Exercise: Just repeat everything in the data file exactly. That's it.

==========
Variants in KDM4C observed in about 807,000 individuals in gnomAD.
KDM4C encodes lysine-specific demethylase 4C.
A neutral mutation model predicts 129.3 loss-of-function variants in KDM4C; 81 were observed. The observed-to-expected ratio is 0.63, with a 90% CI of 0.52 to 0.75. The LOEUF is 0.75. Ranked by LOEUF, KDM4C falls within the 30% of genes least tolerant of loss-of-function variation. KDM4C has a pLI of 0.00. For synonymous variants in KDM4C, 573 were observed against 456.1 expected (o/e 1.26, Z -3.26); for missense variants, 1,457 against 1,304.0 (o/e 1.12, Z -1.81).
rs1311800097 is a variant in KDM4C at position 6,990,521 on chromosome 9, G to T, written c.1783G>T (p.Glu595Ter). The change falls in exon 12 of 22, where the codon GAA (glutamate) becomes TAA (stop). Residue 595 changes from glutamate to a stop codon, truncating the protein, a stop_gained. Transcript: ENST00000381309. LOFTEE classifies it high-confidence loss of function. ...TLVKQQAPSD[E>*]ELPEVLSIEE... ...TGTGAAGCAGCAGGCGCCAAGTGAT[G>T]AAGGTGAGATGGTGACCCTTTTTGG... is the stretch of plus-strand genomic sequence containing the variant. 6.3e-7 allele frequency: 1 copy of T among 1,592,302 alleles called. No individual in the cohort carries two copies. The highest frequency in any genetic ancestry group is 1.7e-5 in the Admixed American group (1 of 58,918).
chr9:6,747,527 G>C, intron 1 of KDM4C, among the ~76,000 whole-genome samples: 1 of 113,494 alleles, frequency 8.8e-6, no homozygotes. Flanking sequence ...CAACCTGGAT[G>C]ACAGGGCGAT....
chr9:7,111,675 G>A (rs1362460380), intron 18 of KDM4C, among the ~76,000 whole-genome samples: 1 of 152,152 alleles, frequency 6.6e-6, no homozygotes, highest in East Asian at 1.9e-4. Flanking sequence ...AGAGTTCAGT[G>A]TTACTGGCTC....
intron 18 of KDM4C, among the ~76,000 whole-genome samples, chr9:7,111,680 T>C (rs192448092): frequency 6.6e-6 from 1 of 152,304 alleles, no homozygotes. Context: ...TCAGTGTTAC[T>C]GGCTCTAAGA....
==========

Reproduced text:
Variants in KDM4C observed in about 807,000 individuals in gnomAD.
KDM4C encodes lysine-specific demethylase 4C.
A neutral mutation model predicts 129.3 loss-of-function variants in KDM4C; 81 were observed. The observed-to-expected ratio is 0.63, with a 90% CI of 0.52 to 0.75. The LOEUF is 0.75. Ranked by LOEUF, KDM4C falls within the 30% of genes least tolerant of loss-of-function variation. KDM4C has a pLI of 0.00. For synonymous variants in KDM4C, 573 were observed against 456.1 expected (o/e 1.26, Z -3.26); for missense variants, 1,457 against 1,304.0 (o/e 1.12, Z -1.81).
rs1311800097 is a variant in KDM4C at position 6,990,521 on chromosome 9, G to T, written c.1783G>T (p.Glu595Ter). The change falls in exon 12 of 22, where the codon GAA (glutamate) becomes TAA (stop). Residue 595 changes from glutamate to a stop codon, truncating the protein, a stop_gained. Transcript: ENST00000381309. LOFTEE classifies it high-confidence loss of function. ...TLVKQQAPSD[E>*]ELPEVLSIEE... ...TGTGAAGCAGCAGGCGCCAAGTGAT[G>T]AAGGTGAGATGGTGACCCTTTTTGG... is the stretch of plus-strand genomic sequence containing the variant. 6.3e-7 allele frequency: 1 copy of T among 1,592,302 alleles called. No individual in the cohort carries two copies. The highest frequency in any genetic ancestry group is 1.7e-5 in the Admixed American group (1 of 58,918).
chr9:6,747,527 G>C, intron 1 of KDM4C, among the ~76,000 whole-genome samples: 1 of 113,494 alleles, frequency 8.8e-6, no homozygotes. Flanking sequence ...CAACCTGGAT[G>C]ACAGGGCGAT....
chr9:7,111,675 G>A (rs1362460380), intron 18 of KDM4C, among the ~76,000 whole-genome samples: 1 of 152,152 alleles, frequency 6.6e-6, no homozygotes, highest in East Asian at 1.9e-4. Flanking sequence ...AGAGTTCAGT[G>A]TTACTGGCTC....
intron 18 of KDM4C, among the ~76,000 whole-genome samples, chr9:7,111,680 T>C (rs192448092): frequency 6.6e-6 from 1 of 152,304 alleles, no homozygotes. Context: ...TCAGTGTTAC[T>C]GGCTCTAAGA....